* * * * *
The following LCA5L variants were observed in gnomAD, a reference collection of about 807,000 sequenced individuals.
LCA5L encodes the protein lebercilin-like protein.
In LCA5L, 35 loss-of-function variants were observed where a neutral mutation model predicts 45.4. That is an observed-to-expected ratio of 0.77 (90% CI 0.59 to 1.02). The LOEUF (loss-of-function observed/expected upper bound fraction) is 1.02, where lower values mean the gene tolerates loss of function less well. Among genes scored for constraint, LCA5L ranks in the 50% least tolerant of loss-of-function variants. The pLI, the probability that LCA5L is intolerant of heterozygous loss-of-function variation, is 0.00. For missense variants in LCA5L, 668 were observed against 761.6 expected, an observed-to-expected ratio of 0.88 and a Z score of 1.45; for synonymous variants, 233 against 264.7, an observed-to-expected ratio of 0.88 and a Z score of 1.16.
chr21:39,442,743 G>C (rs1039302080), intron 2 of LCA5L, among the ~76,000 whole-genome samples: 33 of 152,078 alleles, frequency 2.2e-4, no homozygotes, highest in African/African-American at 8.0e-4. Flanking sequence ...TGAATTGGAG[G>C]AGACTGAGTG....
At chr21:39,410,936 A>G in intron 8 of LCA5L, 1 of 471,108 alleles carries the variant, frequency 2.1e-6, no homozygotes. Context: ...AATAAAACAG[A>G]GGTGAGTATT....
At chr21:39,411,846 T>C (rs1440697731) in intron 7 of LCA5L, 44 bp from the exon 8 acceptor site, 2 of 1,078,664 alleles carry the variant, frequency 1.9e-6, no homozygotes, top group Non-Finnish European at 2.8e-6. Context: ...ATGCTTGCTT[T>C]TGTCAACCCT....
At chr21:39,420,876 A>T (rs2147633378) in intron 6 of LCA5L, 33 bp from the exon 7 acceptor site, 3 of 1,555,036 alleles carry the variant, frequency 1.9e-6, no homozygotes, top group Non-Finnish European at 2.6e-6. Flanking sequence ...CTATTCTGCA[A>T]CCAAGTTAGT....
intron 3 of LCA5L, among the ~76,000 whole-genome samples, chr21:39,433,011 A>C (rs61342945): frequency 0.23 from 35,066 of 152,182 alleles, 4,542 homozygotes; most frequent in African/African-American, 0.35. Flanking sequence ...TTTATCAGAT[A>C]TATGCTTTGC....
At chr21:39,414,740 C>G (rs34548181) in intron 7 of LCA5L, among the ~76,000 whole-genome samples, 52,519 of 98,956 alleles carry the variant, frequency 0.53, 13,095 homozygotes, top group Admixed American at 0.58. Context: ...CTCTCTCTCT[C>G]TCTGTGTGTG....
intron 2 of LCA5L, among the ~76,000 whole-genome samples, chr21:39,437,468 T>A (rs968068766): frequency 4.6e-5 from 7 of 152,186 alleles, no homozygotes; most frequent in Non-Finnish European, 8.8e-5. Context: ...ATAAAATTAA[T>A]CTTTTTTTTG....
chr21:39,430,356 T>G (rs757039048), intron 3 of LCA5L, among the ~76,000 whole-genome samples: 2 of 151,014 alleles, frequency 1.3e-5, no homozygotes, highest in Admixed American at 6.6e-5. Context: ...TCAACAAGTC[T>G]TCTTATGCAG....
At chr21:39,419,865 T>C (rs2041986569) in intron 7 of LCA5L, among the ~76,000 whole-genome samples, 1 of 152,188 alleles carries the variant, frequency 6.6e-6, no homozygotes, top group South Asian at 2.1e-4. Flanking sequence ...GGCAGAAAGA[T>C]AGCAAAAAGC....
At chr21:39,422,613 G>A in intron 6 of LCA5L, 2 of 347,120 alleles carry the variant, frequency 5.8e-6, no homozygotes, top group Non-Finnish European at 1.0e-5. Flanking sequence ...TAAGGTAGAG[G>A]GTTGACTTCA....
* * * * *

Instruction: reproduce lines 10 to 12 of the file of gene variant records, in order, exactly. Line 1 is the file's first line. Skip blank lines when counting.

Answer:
intron 2 of LCA5L, among the ~76,000 whole-genome samples, chr21:39,437,468 T>A (rs968068766): frequency 4.6e-5 from 7 of 152,186 alleles, no homozygotes; most frequent in Non-Finnish European, 8.8e-5. Context: ...ATAAAATTAA[T>A]CTTTTTTTTG....
chr21:39,430,356 T>G (rs757039048), intron 3 of LCA5L, among the ~76,000 whole-genome samples: 2 of 151,014 alleles, frequency 1.3e-5, no homozygotes, highest in Admixed American at 6.6e-5. Context: ...TCAACAAGTC[T>G]TCTTATGCAG....
At chr21:39,419,865 T>C (rs2041986569) in intron 7 of LCA5L, among the ~76,000 whole-genome samples, 1 of 152,188 alleles carries the variant, frequency 6.6e-6, no homozygotes, top group South Asian at 2.1e-4. Flanking sequence ...GGCAGAAAGA[T>C]AGCAAAAAGC....